The United Nations has Failed the World
The author argues passionately that the United Nations has done nothing for world peace, and may actually subvert its original mandate by tending to the effects of war—including the practice of refugee warehousing, for example.
Modern Economists often look at Glob Sclerosis as the failure to solve serious world problems. I was observing the trends on the world scene since the end of Second World War, and pondering how serious world problems of the time have been tackled. I noted the fall of the Berlin Wall and how it opened the Iron Curtain; the Marshal Plan and how it bailed Europe out of its economic difficulties; the Truman rescue of Greece from communism; and the creation of NATO which spared western Europe from a total Communist takeover. Generally speaking, all these projects were a success.
But when it comes to wars, the UN was total disaster. We have totally failed to solve the problem of war on the world scene, and the only body to be held accountable for this failure is the UN. If we are to take a brief historical ride and recall how the two world wars plunged the entire globe into human misery, lawlessness, displacement and destruction; to recall how everyone yearned for a redeemer who would safeguard the world from further wars and embraced the United Nations as the custodian of that peace; and then to consider the very many wars that have occurred with the UN at the helm; then one cannot help but wonder why we still entrust a failure with our lives.
We have had more wars after the formation of UN than before it came into existence. This only means that more lives have been lost, most property destroyed, more people left homeless, and more groups ravaged by hunger and starvation with the UN around than without it.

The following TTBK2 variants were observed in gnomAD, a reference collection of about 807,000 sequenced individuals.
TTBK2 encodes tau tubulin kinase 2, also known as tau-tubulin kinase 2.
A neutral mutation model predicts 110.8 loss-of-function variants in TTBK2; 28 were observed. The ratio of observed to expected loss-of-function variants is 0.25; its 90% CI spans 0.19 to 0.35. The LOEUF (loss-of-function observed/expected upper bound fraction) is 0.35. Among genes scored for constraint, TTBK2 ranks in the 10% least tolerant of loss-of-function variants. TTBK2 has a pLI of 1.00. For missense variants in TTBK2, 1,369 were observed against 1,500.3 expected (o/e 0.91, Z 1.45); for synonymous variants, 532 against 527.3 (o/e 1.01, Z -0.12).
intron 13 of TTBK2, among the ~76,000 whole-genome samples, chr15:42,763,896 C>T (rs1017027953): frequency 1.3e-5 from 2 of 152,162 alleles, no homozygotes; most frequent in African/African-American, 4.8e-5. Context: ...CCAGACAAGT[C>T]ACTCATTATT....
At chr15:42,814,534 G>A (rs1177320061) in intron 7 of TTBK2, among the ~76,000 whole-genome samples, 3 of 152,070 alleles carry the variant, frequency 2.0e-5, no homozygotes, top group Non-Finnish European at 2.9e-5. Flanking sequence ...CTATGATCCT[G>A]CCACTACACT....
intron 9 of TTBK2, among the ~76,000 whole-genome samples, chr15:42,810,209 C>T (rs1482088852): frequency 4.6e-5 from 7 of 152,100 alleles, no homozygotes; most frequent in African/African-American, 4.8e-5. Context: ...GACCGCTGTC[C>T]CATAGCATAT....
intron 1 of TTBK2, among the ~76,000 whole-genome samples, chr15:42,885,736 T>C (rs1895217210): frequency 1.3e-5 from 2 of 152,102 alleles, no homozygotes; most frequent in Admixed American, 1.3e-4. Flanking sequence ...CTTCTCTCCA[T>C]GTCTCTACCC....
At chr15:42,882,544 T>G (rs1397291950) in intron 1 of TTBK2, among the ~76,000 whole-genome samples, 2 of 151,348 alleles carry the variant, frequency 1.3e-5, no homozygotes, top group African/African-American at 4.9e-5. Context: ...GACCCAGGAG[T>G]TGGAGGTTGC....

The UN has failed to solve the problem of wars, the aim of its formation. Instead, the institution has occupied itself with trying to deal with the effects of wars, like getting the displaced into camps, providing them with tents and food, and then concentrating on collecting donations to sustain them. This leaves questions to be answered. Why is it that instead of the UN getting tough on the promoters of wars like arms manufacturers and suppliers, it concentrates on their victims, the refugees? Why is it that the UN is less interested in dealing with the causes of wars than with their effects?
To some extent I am tempted to think that this UN has a hand in promoting wars such that it benefits from their effects. Some possible benefits could include securing more donations which are not usually accounted for, or enabling goods like foodstuffs and machines to find a market where they otherwise wouldn’t have—unless, of course, the UN had not created a nice little niche for refugee encampment supplies and staff security measures. I suspect there may be many underhanded dealings that the world is blind to, because no one expects the UN to be a dirty body.
It is high time we put this UN under a microscope. If it was formed to solve the problems of wars on the world scene but instead we witness more wars, it is high time that we thought twice about its role. Let us act and advocate for a more peacefully-minded body with the cessation of war—and not the nursing of its aftermath—at the heart of its agenda.